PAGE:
In January, Polish photographer and filmmaker Zuza Krajewska visited a young offenders' institution, known as a borstal in Poland, located in the town of Studzieniec near Warsaw. She stayed there for the remainder of the year, photographing young convicts guilty of anything from petty theft to more serious crimes and undergoing the process of rehabilitation. The resulting series, Imago, shows the inmates caught between childhood and adulthood and between understanding what's lawfully right from wrong. But Krajewska is quick to point out that this is not a documentary project. “It's pure portraiture. I consider myself a portraitist, not a documentarist. I am not objective. I experience things together with them and let them express themselves,” she says.
In most portrait photography there is an inherent power struggle between the photographer and their subject. In the case of Imago, Krajewska gives a certain amount of freedom and trust to the boys, who might have abused power in the past. The photographer made her career shooting portraits for fashion editorials and advertising campaigns. Explaining the process behind Imago, she admits it was not a simple process: “I was afraid at the beginning. I was worried about my mental balance. I thought their sadness might be too emotional and influential on me. But I managed to connect with them and now we are almost friends. They are very smart and interesting teenagers. I felt kind of like a mother to them, and I am worried about their future.”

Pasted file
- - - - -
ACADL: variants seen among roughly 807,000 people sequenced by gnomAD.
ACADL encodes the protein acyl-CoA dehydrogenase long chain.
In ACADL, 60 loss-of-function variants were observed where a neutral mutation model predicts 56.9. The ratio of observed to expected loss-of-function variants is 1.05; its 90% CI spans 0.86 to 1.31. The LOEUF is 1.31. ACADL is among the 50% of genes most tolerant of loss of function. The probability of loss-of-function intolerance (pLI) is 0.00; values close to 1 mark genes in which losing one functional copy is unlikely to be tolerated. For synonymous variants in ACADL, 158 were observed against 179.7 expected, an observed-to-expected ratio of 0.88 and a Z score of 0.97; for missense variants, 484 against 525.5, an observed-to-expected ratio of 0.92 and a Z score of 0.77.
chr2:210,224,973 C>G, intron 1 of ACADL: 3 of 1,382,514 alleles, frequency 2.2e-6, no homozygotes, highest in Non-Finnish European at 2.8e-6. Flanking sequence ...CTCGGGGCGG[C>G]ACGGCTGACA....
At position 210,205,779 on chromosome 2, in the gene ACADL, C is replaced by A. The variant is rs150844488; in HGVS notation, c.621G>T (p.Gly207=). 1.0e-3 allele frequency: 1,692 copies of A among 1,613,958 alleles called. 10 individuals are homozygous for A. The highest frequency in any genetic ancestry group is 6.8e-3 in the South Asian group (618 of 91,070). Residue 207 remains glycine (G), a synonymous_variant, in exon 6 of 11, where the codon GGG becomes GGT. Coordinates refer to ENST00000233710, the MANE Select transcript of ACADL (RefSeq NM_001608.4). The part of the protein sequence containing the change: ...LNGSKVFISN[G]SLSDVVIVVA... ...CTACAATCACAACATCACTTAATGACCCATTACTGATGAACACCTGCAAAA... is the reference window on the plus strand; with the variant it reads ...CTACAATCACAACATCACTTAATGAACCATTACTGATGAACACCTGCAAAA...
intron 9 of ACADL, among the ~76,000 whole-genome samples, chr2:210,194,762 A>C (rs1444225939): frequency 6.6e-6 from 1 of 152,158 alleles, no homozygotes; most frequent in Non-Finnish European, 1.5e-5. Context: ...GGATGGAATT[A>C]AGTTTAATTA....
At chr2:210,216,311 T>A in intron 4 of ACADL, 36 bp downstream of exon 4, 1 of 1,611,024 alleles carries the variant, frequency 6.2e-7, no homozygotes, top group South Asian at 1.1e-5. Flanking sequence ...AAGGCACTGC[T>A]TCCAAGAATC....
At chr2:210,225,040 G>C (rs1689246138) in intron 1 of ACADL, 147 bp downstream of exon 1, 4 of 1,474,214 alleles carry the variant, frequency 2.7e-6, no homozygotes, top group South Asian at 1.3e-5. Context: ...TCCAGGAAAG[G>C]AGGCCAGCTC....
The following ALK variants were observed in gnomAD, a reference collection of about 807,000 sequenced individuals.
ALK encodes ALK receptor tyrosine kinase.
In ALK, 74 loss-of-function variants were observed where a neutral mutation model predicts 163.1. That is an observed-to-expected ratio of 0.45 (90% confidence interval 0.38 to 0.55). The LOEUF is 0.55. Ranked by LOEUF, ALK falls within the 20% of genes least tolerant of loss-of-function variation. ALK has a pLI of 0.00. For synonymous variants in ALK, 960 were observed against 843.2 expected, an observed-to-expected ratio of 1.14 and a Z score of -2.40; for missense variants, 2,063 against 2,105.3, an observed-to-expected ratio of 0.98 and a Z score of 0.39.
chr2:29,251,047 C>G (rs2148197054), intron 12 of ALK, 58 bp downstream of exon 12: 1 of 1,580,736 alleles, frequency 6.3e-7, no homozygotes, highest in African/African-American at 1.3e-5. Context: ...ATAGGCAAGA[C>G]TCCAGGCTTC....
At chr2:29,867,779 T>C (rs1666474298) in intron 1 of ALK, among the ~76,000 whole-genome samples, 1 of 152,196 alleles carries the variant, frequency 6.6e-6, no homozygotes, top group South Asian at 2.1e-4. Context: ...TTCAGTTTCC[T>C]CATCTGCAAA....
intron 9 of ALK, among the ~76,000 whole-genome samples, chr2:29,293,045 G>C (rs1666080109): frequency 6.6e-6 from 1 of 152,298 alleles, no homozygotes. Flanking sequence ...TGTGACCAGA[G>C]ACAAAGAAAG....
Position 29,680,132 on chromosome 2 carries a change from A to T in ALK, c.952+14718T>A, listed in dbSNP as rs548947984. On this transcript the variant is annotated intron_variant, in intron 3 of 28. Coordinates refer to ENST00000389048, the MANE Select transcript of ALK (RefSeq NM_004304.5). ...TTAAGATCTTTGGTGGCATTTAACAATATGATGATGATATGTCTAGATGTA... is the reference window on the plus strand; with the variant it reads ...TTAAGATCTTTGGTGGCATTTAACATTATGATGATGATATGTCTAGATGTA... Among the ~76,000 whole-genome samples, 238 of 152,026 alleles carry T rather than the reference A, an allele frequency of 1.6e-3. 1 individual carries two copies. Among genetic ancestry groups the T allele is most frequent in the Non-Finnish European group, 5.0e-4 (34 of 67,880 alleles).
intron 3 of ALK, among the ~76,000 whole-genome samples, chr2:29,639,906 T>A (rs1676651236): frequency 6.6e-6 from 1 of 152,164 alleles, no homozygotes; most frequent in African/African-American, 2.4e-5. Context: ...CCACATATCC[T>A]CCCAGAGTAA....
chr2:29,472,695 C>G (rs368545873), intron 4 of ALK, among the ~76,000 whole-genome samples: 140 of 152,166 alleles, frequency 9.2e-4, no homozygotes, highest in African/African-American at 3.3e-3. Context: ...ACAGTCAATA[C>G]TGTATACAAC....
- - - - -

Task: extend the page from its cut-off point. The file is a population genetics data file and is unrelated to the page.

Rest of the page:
The boys are photographed individually and in some cases together, spontaneously or by their own request. Krajewska also shows much of their everyday surroundings and the interactions between them. “They are eager for attention,” the photographer says about the boys' reaction to being photographed. “Sometimes they need me and sometimes they hate me. But they always wanted to continue. It's a kind of emotional exchange in my opinion. The camera accepts them and make them feel important, even for a moment.”
One of the photos shows an inmate cradling a bird freed from its cage. There is a moment of empathy between him and the confined animal, but something about the photograph is equally menacing. This is because instead of presenting the photo story as a simple journey of repentance, she captures moments that reveal the boys as playful or intimate, as well as potentially harmful. The nuances afforded by portraiture is just one reason why Krajewska continues to dedicate her career to it.
“The biggest joy of my life is to observe my daughter's face, and to take portraits of people and spend time with them. It's like a little journey inside a human being. It evokes many emotions and gives an understanding how life might look. I appreciate the most while I am taking portraits.”
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